I was browsing through Barnes & Noble magazine ailes, casually enjoying the variety of topics, pictures, and illustrations on display when I came across the food and health section of the display. I couldn't help but roll my eyes and grow firey with frustration reading the messages that were propagandized, such as,
THE BEST FLAT BELLY FOODS
BURN FAT, LOOK GREAT, & NEVER FEEL HUNGRY
JIGGLY FAT DISSOLVES
Media and advertising play a huge yet often unrecognized role in how we shape our beliefs and values. The American writer and advocate Jean Kilbourne, who is known for her research in advertising and its connection to major problems in society such as addiction and mental health disorders, shares that...
“We are each exposed to over 3000 ads a day. Yet, remarkably, most of us believe we are not influenced by advertising. Ads sell a great deal more than products. They sell values, images, and concepts of success and worth, love and sexuality, popularity and normalcy. They tell us who we are and who we should be. Sometimes they sell addictions.” - Jean Kilbourne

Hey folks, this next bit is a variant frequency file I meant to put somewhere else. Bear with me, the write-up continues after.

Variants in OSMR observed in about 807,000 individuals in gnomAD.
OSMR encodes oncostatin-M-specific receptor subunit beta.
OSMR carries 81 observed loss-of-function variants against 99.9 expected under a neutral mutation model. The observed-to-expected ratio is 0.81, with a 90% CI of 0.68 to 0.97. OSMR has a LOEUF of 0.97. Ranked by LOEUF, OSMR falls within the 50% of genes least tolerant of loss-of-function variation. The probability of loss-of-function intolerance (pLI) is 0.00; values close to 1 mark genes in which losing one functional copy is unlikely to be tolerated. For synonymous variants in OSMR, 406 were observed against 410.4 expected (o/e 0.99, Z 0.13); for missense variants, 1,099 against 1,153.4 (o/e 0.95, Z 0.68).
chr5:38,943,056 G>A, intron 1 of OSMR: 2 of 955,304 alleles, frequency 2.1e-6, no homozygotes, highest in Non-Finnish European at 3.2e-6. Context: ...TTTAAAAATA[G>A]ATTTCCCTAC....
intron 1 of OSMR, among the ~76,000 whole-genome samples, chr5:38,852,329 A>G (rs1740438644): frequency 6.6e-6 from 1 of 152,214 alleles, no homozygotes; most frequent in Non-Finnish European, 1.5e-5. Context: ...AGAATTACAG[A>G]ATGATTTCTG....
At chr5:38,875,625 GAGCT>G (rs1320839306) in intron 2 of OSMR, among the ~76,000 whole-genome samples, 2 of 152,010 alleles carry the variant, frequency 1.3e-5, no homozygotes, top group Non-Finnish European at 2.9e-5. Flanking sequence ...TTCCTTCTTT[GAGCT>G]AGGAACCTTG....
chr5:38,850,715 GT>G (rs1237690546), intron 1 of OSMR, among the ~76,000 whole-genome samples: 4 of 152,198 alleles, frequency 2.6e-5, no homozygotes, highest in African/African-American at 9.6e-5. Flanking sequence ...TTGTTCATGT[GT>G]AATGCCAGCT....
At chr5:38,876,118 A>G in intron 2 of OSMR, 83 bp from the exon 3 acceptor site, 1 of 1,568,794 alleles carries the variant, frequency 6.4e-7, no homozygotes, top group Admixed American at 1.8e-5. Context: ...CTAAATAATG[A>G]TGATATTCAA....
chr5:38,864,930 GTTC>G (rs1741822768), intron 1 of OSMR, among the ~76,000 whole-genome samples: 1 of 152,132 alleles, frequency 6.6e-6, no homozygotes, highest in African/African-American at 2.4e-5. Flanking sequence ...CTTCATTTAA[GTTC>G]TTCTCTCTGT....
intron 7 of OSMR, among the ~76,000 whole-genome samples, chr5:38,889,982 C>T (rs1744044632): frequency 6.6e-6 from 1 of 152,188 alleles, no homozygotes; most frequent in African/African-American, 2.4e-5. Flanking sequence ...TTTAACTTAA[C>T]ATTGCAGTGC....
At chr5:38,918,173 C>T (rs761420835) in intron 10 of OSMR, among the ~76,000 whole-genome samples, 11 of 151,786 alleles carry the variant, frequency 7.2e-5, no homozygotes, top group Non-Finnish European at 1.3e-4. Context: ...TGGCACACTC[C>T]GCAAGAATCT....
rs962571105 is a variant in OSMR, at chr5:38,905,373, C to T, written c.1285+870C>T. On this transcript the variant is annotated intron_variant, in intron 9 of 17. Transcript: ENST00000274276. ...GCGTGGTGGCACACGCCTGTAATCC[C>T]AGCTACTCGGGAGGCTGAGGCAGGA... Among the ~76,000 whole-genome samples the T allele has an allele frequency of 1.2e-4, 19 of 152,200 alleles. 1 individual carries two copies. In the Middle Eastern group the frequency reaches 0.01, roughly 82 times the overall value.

A critical part of your wellness journey will be to develop discernment because, unfortunately, there are a lot of wolves in sheep's clothing in the health and wellness industry.
If we do not challenge the dominant messages, they may lead us to unconsciously adopt self-limiting and self-deprecating beliefs that become some of our GREATEST hurdles to actualizing our health and wellness goals.
For example, if we believe that hunger is the enemy of health and well-being, as some of these ads suggest, we would spend many parts of our day falling into fear, frustration, and shame cycles. If instead we recognize that hunger is a naturally occuring and healthy cue that our beautifully designed human regulation system gives us then we will welcome the experience as a guide to peace, relaxation, and fulfillment.